Every year, I sit down at the kitchen table and scrape the old fletchings off my arrows. Well, at least that’s what I’ve been doing for the last 10 years or so. Before that, when I shot aluminum arrows, I sat down at the kitchen table with arrow blanks that came without any fletching at all.
With the carbon arrows, I don’t break nearly as many as I did when I shot aluminum. This year, I still have 12 arrows left over from last season. Back in the aluminum days, I usually had one or two left, so I’d have to order a whole new set.
Those aluminum arrows were beefier, too, so they didn’t go as far into my targets as my carbon arrows do. So my annual fletching tradition wasn’t to replace fletching – it was to replace the whole arrow.
But even though I have more arrows to start with each year, the vanes always look like they’ve been run through a wood chipper. So my fletching tradition now begins with scraping the old vanes off.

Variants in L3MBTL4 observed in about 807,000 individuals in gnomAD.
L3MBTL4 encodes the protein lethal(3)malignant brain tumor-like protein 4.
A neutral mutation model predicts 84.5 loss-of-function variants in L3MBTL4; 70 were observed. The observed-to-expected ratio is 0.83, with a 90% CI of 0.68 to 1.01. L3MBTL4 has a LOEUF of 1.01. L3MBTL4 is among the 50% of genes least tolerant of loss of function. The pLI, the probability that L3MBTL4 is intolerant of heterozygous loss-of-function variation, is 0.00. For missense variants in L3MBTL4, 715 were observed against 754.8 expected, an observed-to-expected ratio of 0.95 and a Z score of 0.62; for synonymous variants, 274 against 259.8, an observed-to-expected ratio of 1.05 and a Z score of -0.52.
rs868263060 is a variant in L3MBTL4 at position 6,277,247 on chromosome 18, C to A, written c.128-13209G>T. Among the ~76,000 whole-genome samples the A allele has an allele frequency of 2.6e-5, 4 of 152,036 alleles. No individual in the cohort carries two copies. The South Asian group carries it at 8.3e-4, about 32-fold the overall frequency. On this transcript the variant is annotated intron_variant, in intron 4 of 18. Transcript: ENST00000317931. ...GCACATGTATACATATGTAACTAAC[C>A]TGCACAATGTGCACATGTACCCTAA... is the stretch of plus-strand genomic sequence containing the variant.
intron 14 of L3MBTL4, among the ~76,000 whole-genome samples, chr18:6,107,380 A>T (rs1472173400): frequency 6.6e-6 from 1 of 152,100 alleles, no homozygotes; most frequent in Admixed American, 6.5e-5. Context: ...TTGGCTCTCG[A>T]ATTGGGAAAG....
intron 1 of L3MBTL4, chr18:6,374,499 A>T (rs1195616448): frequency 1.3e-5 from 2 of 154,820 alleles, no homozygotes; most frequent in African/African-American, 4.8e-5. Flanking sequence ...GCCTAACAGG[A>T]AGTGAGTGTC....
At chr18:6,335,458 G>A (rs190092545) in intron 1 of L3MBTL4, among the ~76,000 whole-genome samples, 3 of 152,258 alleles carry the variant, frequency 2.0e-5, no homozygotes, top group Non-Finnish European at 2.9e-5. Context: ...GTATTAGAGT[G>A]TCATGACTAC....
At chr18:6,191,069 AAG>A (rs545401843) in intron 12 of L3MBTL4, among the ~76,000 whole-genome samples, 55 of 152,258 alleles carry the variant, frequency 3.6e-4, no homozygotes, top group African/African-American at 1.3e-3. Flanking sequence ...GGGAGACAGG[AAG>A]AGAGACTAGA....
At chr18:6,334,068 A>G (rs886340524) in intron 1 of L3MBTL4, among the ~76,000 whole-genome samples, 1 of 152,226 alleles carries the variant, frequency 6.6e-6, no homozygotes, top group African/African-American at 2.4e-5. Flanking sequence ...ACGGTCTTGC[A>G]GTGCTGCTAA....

Once the shafts are clean and smooth, I put the new vanes in the fletching jig and run a bead of gel super glue down each of them. After I get my fingers unstuck from the glue bottle, I snap the jig shut and get those fletchings attached to the shafts.
I fletch my arrows myself because I shoot a radical helix. I imagine the usual offset would be just fine, but I need all the help I can get to make my arrows fly straight. The radical helix forces the arrow to spin more, so in theory, it should fly straighter and truer. Granted, you still have to get close enough to a game animal to take that shot, and that’s where I usually run into trouble. But one step at a time. For now, let me enjoy my yearly tradition and delude myself that it’s making a difference.